Inflammatory phagocytes, such as neutrophils and macrophages, generate oxidative outbursts as a defensive mechanism against environmental contaminants, tumor cells, and microorganisms. Intracellular calcium levels activate transcription factors and modulate cytokine synthesis by mechanisms of free radicals and therefore contribute to the influence of NP on oxidative stress [17]. Glutathione-S-transferase (GST) is a phase II enzyme family that catalyzes electrophilic detoxification and protects cells from mutagens, carcinogens, and glutathione, all of which act as free radical scavengers. GST in the cytosol eliminates H2O2. GST interacts with H2O2 in a glutathione peroxidase catalyzed chemical reaction that results in glutathione disulfide (GSSG). Glutathione reductase (GR) catalyzes GSSG glutathione regeneration using the NADPH hexose monophosphate shunt (HMPS) produced by NADPH [18].
NP-mediated ROS responses orchestrate a cascade of adverse pathological processes such as inflammation, genotoxicity, fibrosis, and carcinogenesis. Nanomaterials with different chemical compositions, such as fullerenes, CNTs, and metal oxides, have been reported to promote ROS. The major variables in NP-induced ROS are (i) active redox cycling on the surface of NP due to transition metal-based NP, (ii) surface functional groups, and (iii) NPs–cell interactions [19]. Furthermore, CNT-induced oxidative stress, for example, promotes cellular signaling pathways, increasing the production of pro-inflammatory cytokines. Some NPs have been shown to activate inflammatory cells, such as macrophages and neutrophils, increasing ROS production. Several NPs, such as titanium dioxide (TiO2), zinc oxide (ZnO), cerium oxide (CeO2) and silver NP, have been documented to deposit on the cellular surface or even inside intracellular organelles and trigger oxidative stress signaling cascades, resulting in oxidative damage to the cell [20]. Because of their surface characteristics, NPs, such as Si and Zn with identical particle sizes and shapes, exhibit varied cytotoxicity responses. Since ZnO is more chemically active than SiO2, it generates more free radicals, leading to increased oxidative stress [21]. The process of ROS formation differs for each NP, and the precise underlying cellular mechanism for ROS generation is still unknown and must be explored [22].

3.2. Immunological Effects of Nanomaterials (Immunotoxicology)

When used in vivo, NPs and the interface between the NP and the biological material play a key role in how the nanomaterial is transported, eliminated, and deposited, especially when it comes to the systemic administration of medicines. A protein crown effect, also known as a protein corona particle, is formed when NPs encounter biofluids for the first time. The way in which NPs interact with plasma proteins and other biomolecules changes their bioactivity, which in turn causes several changes in the way the body works. When the immune system encounters a foreign body, such as NPs, the first cells to respond are phagocytic cells. Several conditions, including inflammation, are caused by overactive immune systems, whereas immunosuppression leaves the host susceptible to infections by the inhalation of CNTs was used to decrease B cell activity via NP involvement in immunosuppression [23]. The alveolar macrophage produced is important for the immunosuppressive process observed. When the immune system encounters a foreign body, such as NPSs, the first cells to respond are phagocytic cells. There have been several reports of negative interactions between the immune system and nanoparticles, with immune stimulator immunosuppression potentially leading to inflammatory or autoimmune diseases and increasing the receptor likelihood that the body will get infected. Immunosuppressive NPs were used to reduce B cell activity by allowing people to breathe in CNTs. However, when a nanomaterial is administered subcutaneously or intradermally, stimulation of the complement system by NPs can improve the effectiveness of the treatment. Modifying the physicochemical features of NPs allows for control over the pathways by which they activate the complement system. After being exposed to nanoparticles, important biological processes happen, and mast cells play a role in inflammation and the toxicity of some NPs [24][25].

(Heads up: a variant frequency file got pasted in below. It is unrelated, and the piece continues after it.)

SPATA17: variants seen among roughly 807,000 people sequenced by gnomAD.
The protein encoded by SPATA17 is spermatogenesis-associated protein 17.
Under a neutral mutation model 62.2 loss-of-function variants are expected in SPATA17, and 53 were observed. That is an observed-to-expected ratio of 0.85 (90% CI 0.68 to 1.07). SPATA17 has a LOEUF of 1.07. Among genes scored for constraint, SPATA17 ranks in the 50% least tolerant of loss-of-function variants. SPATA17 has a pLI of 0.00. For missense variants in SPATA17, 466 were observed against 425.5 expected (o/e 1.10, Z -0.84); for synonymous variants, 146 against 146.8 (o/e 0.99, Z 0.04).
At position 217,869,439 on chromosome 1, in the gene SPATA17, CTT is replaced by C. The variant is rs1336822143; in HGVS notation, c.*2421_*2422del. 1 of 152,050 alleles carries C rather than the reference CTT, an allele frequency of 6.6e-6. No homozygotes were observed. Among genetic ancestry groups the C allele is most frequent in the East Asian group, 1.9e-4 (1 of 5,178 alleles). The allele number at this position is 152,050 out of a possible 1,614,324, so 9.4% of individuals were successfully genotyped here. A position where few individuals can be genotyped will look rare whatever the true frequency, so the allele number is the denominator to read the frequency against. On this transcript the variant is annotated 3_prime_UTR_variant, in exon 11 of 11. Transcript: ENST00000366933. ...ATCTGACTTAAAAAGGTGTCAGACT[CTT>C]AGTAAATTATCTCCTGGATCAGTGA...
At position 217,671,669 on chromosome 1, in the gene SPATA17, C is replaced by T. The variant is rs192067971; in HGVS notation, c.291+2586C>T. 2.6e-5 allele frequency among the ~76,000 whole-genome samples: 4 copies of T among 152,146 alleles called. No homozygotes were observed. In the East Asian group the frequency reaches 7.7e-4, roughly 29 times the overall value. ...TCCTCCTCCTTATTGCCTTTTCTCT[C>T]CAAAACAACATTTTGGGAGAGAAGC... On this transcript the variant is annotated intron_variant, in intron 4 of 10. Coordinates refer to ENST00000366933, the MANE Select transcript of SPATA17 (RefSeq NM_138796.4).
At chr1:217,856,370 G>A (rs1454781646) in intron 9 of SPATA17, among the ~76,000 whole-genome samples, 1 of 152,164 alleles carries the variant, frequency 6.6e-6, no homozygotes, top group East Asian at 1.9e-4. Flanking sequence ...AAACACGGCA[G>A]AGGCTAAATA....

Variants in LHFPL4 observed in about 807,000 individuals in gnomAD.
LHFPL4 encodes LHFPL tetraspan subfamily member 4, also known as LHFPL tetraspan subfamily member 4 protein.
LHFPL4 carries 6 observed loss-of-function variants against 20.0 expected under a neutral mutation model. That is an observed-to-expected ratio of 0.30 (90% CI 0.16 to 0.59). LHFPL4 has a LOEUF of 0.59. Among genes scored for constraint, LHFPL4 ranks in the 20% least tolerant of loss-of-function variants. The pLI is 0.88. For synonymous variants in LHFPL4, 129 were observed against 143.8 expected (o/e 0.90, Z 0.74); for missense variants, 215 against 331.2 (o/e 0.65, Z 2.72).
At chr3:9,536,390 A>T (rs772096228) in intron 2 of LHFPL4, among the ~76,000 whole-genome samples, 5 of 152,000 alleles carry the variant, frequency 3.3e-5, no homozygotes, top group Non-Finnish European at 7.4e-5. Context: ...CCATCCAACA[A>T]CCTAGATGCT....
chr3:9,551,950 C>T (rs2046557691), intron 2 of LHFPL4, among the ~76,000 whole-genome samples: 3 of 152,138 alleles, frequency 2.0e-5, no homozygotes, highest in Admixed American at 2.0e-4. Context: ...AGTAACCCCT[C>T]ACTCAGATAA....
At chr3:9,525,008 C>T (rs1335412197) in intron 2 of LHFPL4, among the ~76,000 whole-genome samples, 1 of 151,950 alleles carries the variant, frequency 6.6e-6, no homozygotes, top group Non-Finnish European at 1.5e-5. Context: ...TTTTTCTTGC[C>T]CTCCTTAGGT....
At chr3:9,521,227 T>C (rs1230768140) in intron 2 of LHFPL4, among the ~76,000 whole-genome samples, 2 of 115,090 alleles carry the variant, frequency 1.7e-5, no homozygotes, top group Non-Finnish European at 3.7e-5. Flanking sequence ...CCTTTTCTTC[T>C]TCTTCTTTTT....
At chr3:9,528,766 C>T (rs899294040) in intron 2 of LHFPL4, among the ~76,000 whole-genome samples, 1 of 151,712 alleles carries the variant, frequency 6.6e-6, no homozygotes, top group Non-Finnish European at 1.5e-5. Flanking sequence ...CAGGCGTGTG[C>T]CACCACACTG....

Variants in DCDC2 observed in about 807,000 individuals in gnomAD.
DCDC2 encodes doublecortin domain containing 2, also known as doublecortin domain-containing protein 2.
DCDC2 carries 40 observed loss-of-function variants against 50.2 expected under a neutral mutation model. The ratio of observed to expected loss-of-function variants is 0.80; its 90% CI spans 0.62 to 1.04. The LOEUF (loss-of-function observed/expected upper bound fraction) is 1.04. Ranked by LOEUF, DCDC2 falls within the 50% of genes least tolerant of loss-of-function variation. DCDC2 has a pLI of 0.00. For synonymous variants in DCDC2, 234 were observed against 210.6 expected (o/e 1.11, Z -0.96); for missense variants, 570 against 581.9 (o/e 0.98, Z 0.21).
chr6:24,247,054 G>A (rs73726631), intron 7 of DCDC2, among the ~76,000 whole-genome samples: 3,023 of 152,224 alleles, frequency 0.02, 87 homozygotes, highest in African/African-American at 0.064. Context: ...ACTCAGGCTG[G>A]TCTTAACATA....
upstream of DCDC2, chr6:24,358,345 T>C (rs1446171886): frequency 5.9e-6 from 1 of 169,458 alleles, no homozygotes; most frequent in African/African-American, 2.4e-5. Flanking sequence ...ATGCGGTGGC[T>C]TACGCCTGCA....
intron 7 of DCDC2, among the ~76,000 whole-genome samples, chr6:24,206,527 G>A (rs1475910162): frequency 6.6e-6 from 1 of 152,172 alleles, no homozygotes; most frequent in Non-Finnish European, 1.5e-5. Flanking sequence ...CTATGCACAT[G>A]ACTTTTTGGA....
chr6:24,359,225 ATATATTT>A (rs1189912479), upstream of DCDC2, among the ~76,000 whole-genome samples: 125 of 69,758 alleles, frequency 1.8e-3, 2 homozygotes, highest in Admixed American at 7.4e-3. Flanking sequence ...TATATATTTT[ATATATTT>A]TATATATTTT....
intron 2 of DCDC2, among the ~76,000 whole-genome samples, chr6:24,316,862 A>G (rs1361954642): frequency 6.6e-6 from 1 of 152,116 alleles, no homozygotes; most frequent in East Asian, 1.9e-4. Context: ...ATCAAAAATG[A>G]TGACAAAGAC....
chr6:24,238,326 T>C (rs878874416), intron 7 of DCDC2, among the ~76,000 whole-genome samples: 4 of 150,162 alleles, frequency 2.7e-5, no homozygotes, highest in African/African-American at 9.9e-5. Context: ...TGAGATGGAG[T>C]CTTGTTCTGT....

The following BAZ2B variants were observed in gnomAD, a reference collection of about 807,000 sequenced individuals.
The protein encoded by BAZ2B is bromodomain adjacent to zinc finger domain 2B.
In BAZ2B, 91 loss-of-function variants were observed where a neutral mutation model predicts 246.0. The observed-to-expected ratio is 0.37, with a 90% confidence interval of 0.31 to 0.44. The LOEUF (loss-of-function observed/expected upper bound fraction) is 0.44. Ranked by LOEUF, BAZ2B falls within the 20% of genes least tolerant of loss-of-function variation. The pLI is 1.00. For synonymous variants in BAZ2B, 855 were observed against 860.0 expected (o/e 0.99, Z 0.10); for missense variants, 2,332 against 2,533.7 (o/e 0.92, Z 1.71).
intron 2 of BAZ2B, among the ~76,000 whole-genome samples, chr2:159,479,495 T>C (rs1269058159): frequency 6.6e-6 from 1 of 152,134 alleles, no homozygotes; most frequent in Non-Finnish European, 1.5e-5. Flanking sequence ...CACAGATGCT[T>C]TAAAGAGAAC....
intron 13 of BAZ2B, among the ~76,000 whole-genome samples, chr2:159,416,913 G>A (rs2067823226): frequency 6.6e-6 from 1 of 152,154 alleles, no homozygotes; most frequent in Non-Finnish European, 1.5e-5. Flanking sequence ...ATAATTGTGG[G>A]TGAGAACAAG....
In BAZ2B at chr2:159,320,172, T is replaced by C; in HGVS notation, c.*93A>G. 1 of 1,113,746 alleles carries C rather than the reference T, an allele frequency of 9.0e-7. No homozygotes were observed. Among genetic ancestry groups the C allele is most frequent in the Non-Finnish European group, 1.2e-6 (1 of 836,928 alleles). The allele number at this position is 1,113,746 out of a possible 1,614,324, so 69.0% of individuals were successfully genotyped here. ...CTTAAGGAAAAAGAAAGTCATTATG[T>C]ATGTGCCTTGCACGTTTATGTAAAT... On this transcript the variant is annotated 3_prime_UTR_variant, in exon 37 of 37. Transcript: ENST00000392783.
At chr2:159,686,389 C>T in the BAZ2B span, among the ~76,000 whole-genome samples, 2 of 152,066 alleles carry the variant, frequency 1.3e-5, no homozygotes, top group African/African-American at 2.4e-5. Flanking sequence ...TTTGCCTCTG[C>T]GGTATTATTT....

3.3. Mechanism of Nanomaterials Toxicity

Direct or indirect modulation of oxidative enzymatic reactions by NPs causes oxidative stress because of free radicals, or ROS, such as superoxide anions and hydroxyl radicals. Multiple factors contribute to oxidative stress in the body. Cellular responses to nanoparticles are accompanied by the production of ROS, which can be stimulated by the oxidant characteristics of the particles themselves. Free radical intermediates are present on the reactive surfaces of particles and are quite stable; however, there are effects of NP functionalities on the formation of redox-active groups. A summary of the influence (immunogenicity, antigenicity, clearance, immunostimulation, and immunosuppression) of nanomaterials on the immune system is shown in Figure 2.